Featured Columns

February 22, 2013

FFGtGR: Professor Frink and Ariol!

From Friendly Ghosts To Gamma Rays, No.135

Hello folks, and welcome back to another week at our all-ages column, From Friendly Ghosts To Gamma Rays! I’ll cut all the intro stuff this week and just get down to it: reviews. Not just any reviews, though, nope, we are talking reviews of two solid all-ages titles here, so let’s Thunderbirds go already!


Simpsons One-Shot Wonders: Professor Frink
Publisher: Bongo
Story: Ian Boothby, Chris Yambar, and Nathan Kane
Art: Hilary Barta, James Lloyd, and John Delaney

Coming out next week from Bongo is another edition in the line of Simpsons One-Shot Wonders with Professor Frink, giving us three awesome tales to rock out our reading enjoyment to!

The first is “Frink Sinatra,” written by Boothby with art by Barta, in which while on a date one night, Professor Frink accidentally spills his bottle of “Cool Juice.” This seems fine, except it goes into Springfield’s Water Supply, turning seemingly everyone in town into Vegas-like hipsters hyped on coolness! A few fellow geeks, though, such as Lisa, are unaffected by this and it becomes a battle of a mob of cool-folk against the few nerds for the fate of the town! In “Hook, Line & Frinker,” written by Yambar with art by Lloyd, Frink is showing Bart and Lisa his formula which holds the secret to evolution, and tests it on our favorite three-eyed fish, Blinky. Suddenly, Blinky grows legs, but it doesn’t stop there as very quickly this fish-frog begins multiplying, until there is a huge army of them, causing a big problem at hand. Finally, in “Synchronicity For Two,” Professor Frink is showing off a ray at school which has the potential to unlock other dimensions. Of course, Bart has to fire it off, sending him and Professor Frink to another dimension of fun where they encounter some unexpected problems, and the reader gets to put on 3-D glasses for this one for some special art!

This whole issue was a lot of fun. It took ideas from good old 1950s/60s sci-fi stories and put a great Simpsons spin on them, with of course Frink being at the center of things (which perfectly makes sense in this world). The art looks great on all of them, with the writing feeling right at home as more of a sci-fi special version of some of the Tree-House of Horror tales we get from the Simpsons universe. The art on “Synchronicity For Two” was especially fun, being it was both in 3-D (always a good time) and had this great Dr. Strange vibe to it when they were in the other dimension. Extra tip of the hat to all the writers for the little Simpsons beats at the end of each story, wrapping them up perfectly. Also another tip of the hat to the awesome 3-D back cover by Chris Houghton, which you just have to see.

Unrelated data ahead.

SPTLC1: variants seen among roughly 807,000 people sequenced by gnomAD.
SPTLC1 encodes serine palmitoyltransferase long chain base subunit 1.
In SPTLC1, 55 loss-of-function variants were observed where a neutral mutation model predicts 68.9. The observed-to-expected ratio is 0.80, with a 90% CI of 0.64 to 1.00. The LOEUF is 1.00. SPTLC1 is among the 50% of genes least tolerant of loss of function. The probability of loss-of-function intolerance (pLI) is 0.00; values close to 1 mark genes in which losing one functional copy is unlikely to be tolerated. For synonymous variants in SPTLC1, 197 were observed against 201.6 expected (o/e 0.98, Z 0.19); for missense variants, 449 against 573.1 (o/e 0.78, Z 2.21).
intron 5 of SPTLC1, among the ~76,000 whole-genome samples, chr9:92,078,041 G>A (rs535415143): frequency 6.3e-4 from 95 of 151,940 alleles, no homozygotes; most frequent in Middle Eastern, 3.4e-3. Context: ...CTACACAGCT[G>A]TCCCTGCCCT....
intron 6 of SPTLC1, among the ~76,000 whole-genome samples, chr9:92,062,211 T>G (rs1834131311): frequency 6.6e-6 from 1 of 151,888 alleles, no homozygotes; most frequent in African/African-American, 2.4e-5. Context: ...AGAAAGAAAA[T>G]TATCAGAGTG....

Overall, the new Simpsons One-Shot Wonders: Professor Frink that comes out next week is just a good time, pleasing both fans of the TV show as well as comic book readers, so check it out!


Ariol Vol.1: Just a Donkey Like You and Me
Publisher: Papercutz
Story: Emmanuel Guilbert
Art: Marc Boutavant

Ariol is a simply charming comic out this week from Papercutz. Originally published in France, Papercutz releases Guilbert and Boutavant’s comic for the first time in North America, playing like animal versions of the Archie gang, but with the spirit of Calvin and Hobbes.

The comic focuses on the title character Ariol, a little blue donkey with huge glasses, as he goofs around, goes to school, deals with his crush on a fellow student (a cow named Petula), and his undying love for his favorite super hero Thunder Horse. It is very much that slice-of-life gag humor genre, that takes us back to simpler times when we were younger, and for kids reading it, gives them a current reflection into their own parallel lives. It is packed with wit and never afraid to give you a moment that tugs on your heart-strings, and then follows up with a comment about boogers for a reality check and laugh.

The thing that really¬†accelerates¬†this title above others like it out there is Marc Boutavant’s art. You could just stare at his art and be happy. His characters are cartoons, but not in the traditional American way, nor the traditional French comic way, either. It’s just different and the freshness is enhanced by the choice of colors to complete the look into something very special, and honestly even if it was a bad comic (which it is not in any shape, way, or form), one could still go out and want to buy this thing based on its artistic merit alone.

Papercutz gives us a nice hardcover edition, counting in at about 125 pages for the right price. Ariol Vol.1: Just a Donkey Like You and Me is out now from Papercutz!


That’s it for this week, see you next!

Drew McCabe



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